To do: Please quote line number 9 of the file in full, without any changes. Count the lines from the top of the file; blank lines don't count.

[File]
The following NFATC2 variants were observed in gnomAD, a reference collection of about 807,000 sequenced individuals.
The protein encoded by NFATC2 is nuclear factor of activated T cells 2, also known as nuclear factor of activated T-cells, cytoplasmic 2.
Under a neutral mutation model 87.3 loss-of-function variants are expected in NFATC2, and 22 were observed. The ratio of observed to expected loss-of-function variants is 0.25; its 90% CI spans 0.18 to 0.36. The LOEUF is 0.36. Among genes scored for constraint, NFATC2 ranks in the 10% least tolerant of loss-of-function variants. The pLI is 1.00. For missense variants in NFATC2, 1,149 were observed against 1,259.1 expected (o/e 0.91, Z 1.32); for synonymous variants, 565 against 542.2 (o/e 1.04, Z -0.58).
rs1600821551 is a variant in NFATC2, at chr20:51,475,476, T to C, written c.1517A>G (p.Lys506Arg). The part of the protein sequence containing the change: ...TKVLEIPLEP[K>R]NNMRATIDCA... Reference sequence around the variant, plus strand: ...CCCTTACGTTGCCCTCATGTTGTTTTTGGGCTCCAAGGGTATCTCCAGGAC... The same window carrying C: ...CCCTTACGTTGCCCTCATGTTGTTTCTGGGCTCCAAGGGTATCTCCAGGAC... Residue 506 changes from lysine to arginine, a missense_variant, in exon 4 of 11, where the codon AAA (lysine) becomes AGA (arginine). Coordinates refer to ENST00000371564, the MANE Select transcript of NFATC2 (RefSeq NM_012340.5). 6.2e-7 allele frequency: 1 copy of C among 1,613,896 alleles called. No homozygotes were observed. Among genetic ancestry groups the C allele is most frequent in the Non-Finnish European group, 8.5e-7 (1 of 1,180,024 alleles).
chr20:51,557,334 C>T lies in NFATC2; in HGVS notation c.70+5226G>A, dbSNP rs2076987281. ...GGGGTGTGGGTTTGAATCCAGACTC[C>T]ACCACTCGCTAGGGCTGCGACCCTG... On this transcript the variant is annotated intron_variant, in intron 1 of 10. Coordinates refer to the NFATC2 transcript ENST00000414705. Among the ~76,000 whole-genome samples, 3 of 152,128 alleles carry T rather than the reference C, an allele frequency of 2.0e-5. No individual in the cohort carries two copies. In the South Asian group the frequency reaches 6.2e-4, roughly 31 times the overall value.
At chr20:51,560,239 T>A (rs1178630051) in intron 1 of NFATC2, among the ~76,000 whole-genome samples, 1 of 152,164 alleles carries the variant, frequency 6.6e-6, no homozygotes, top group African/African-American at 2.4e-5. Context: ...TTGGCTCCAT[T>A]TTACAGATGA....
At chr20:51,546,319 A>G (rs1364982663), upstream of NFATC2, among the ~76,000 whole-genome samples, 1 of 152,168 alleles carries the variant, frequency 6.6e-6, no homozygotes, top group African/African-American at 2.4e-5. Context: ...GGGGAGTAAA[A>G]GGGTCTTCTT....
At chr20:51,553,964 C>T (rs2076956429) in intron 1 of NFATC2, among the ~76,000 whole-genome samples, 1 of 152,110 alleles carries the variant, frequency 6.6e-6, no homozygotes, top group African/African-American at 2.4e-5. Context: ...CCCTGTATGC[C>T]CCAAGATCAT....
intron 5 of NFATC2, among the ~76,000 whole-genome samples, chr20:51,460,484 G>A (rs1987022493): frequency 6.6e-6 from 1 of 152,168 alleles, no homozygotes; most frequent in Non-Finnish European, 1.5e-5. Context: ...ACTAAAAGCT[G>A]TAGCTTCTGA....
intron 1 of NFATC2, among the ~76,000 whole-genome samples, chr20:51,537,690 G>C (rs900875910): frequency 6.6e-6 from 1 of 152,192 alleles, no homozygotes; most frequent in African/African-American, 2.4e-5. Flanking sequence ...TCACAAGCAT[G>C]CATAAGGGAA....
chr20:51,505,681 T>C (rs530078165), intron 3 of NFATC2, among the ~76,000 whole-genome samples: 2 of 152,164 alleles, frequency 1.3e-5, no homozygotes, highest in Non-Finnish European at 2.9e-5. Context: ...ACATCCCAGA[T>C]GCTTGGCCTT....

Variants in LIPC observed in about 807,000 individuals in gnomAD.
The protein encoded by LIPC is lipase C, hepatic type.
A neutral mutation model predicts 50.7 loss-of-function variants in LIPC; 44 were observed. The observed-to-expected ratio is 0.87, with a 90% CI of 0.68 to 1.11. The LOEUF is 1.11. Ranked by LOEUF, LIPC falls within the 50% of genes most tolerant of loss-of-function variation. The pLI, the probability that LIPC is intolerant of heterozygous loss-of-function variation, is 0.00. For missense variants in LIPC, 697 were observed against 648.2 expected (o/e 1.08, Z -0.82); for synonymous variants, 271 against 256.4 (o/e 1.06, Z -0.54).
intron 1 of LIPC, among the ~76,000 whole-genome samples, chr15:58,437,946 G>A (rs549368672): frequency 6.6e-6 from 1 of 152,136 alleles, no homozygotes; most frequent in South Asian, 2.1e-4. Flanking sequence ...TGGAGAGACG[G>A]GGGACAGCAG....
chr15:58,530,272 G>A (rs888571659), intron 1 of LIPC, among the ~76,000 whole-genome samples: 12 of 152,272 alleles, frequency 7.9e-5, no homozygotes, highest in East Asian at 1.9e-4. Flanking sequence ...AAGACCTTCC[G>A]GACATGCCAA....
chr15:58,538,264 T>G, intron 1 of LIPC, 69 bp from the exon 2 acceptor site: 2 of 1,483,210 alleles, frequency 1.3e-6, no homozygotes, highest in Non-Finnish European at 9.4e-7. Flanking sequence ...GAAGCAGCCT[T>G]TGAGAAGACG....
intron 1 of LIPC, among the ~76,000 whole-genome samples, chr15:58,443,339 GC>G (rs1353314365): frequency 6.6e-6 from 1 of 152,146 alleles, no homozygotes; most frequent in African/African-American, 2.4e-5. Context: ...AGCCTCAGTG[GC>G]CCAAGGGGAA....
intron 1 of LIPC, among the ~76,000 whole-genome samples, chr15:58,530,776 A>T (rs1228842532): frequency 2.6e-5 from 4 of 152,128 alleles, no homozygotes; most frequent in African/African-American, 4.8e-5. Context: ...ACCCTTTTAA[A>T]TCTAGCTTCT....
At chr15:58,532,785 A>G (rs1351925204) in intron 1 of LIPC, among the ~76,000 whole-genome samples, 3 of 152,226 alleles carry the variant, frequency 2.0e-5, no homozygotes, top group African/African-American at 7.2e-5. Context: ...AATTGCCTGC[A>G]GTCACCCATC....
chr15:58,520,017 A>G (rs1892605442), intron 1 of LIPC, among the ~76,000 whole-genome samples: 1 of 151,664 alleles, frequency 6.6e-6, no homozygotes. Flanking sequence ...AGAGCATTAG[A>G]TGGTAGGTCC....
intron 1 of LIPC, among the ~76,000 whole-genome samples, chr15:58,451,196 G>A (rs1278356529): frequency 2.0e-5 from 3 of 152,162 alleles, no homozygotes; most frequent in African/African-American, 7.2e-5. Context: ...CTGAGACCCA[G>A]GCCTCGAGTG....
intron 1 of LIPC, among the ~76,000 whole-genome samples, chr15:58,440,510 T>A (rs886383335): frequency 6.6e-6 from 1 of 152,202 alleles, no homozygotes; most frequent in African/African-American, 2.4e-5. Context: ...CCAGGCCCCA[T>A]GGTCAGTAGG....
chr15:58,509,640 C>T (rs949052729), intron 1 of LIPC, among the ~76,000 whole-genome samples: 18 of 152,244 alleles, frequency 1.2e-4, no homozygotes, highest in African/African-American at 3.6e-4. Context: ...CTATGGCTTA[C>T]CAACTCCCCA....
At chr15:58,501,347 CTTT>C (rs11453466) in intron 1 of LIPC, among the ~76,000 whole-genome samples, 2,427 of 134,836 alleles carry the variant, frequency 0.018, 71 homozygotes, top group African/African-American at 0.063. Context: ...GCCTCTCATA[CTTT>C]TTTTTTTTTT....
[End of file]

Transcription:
intron 5 of NFATC2, among the ~76,000 whole-genome samples, chr20:51,460,484 G>A (rs1987022493): frequency 6.6e-6 from 1 of 152,168 alleles, no homozygotes; most frequent in Non-Finnish European, 1.5e-5. Context: ...ACTAAAAGCT[G>A]TAGCTTCTGA....